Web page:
Peerless Motor Company began building motorcars in 1900; along with Packard and Pierce-Arrow it was known as one of the 'Three P's of Motordom.' They began as a producer of clothes ringers; later turning to bicycles in the 1890s. In 1901, they launched a single-cylinder car, followed by a significantly advanced two-cylinder model in 1902 (with shaft-drive and side-entrance bodies). By 1903, a 24 horsepower and 34 horsepower four-cylinder car arrived. A six was introduced in 1907.
Following Cadillac's lead, the firm standardized self-staring in 1913 and became a one-engine company offering only V-8s by 1915. In 1912 General Electric Corporation secured control of the company, and thereafter, electric lights and electric starters were standard on all models. With the introduction of the electric starter, Peerless was able to increase the size of its six cylinder engines.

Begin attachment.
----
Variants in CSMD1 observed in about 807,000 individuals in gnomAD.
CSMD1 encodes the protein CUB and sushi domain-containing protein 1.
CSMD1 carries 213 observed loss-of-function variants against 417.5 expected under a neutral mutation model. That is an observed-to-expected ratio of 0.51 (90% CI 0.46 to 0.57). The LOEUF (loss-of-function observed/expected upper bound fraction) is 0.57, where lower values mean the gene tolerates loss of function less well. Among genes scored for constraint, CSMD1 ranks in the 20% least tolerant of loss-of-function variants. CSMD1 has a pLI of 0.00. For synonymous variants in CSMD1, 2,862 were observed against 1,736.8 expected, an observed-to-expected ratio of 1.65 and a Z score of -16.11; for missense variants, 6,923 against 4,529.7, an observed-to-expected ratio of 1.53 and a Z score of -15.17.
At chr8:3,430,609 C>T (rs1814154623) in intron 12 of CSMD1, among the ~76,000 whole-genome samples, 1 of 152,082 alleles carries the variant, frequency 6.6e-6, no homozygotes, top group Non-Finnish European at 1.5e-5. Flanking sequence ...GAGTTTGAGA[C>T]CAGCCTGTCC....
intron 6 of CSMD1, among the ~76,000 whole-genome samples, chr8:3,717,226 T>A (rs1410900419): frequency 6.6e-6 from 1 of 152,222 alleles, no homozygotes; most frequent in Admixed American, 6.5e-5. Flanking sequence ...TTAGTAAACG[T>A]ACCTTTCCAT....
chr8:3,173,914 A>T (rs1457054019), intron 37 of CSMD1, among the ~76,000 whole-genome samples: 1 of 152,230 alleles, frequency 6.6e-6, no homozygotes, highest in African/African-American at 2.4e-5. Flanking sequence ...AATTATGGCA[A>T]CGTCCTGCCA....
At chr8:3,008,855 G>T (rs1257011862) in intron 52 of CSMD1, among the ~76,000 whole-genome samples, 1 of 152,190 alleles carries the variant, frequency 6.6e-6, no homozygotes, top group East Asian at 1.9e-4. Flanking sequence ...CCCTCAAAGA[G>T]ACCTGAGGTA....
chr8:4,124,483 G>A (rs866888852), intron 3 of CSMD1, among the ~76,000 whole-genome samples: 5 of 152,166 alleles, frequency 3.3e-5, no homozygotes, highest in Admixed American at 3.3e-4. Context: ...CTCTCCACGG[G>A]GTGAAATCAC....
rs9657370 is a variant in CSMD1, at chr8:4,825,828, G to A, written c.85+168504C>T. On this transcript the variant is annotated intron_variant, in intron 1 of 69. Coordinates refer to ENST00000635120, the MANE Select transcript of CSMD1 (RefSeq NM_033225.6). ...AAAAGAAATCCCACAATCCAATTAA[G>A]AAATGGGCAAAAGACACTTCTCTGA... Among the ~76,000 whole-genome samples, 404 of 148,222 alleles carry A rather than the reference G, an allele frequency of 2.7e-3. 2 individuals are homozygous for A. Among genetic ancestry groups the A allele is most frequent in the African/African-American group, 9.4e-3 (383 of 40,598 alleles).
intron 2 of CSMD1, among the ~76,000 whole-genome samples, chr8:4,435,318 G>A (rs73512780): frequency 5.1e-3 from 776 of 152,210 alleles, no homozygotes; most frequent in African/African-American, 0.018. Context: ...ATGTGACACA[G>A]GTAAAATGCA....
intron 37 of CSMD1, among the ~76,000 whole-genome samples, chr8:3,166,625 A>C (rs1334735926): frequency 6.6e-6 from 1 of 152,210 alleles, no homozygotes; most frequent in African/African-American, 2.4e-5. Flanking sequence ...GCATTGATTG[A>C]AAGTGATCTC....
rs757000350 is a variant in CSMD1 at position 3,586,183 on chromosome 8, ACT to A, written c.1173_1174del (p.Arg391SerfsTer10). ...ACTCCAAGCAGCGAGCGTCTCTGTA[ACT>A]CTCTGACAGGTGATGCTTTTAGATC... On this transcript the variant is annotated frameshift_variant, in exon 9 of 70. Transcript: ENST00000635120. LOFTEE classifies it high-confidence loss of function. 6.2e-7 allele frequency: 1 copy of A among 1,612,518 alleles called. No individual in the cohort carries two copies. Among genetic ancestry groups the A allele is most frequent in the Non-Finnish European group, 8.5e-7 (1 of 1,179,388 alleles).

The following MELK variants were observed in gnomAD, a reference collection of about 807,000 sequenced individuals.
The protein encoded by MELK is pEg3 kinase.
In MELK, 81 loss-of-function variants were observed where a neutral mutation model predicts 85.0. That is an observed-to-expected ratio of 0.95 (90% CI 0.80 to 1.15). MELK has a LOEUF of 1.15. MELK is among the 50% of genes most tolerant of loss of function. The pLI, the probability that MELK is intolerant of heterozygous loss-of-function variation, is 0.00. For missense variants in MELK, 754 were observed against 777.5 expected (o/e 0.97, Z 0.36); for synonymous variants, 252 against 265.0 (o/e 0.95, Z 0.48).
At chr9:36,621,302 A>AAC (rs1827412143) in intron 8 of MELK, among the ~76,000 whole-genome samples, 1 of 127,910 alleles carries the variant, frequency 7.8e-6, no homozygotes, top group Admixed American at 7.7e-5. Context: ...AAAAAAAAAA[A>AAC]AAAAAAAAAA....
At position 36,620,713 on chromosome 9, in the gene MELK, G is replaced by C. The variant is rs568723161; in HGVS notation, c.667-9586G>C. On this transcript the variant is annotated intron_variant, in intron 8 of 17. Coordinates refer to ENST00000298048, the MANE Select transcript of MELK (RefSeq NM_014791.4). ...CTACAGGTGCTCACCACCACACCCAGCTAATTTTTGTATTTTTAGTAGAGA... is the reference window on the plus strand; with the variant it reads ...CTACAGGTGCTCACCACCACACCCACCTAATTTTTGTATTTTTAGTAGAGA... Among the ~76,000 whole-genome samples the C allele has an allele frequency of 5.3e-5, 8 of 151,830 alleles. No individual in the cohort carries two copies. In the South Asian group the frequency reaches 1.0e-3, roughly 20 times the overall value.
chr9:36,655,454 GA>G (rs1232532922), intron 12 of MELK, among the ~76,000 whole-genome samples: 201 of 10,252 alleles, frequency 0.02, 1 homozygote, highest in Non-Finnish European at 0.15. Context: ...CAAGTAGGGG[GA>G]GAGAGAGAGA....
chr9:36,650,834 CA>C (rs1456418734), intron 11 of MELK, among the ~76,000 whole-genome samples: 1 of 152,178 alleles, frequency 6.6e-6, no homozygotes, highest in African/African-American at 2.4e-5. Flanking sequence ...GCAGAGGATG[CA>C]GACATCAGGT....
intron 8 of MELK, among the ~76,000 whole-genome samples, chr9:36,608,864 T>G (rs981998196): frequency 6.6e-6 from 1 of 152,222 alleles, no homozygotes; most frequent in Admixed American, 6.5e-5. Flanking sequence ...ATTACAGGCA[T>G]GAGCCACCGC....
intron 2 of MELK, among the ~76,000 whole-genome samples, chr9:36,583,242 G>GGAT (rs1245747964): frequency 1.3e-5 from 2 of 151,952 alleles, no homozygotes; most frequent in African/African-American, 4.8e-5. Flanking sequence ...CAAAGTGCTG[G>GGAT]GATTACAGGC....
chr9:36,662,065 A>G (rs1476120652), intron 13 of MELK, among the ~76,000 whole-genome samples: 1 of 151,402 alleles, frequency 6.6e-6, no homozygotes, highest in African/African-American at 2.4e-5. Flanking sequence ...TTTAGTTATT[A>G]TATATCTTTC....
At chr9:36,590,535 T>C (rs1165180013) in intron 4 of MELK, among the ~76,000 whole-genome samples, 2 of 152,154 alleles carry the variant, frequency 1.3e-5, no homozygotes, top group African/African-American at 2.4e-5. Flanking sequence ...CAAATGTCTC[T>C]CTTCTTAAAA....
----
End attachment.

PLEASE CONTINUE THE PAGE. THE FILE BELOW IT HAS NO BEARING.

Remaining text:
This six cylinder, 48 horsepower Town Car would have sold for around $7,000 in 1913. C.P. Kimball & Co. of Chicago built this large and luxurious town car body. The Kimball family had started a wheelwright and carriage business in 1634, and nine generations of the family had been involved in the trade before the company folded in 1929. Kimball is therefore considered to be America's first coachbuilder.
This vehicle was sold to its current owner by noted collector Barnie Pollard. It was restored to its as-built colors while its upholstery was remade to replicate original patterns. Power is from a 560 cubic-inch six-cylinder engine offering nearly 50 horsepower.Also photographed at :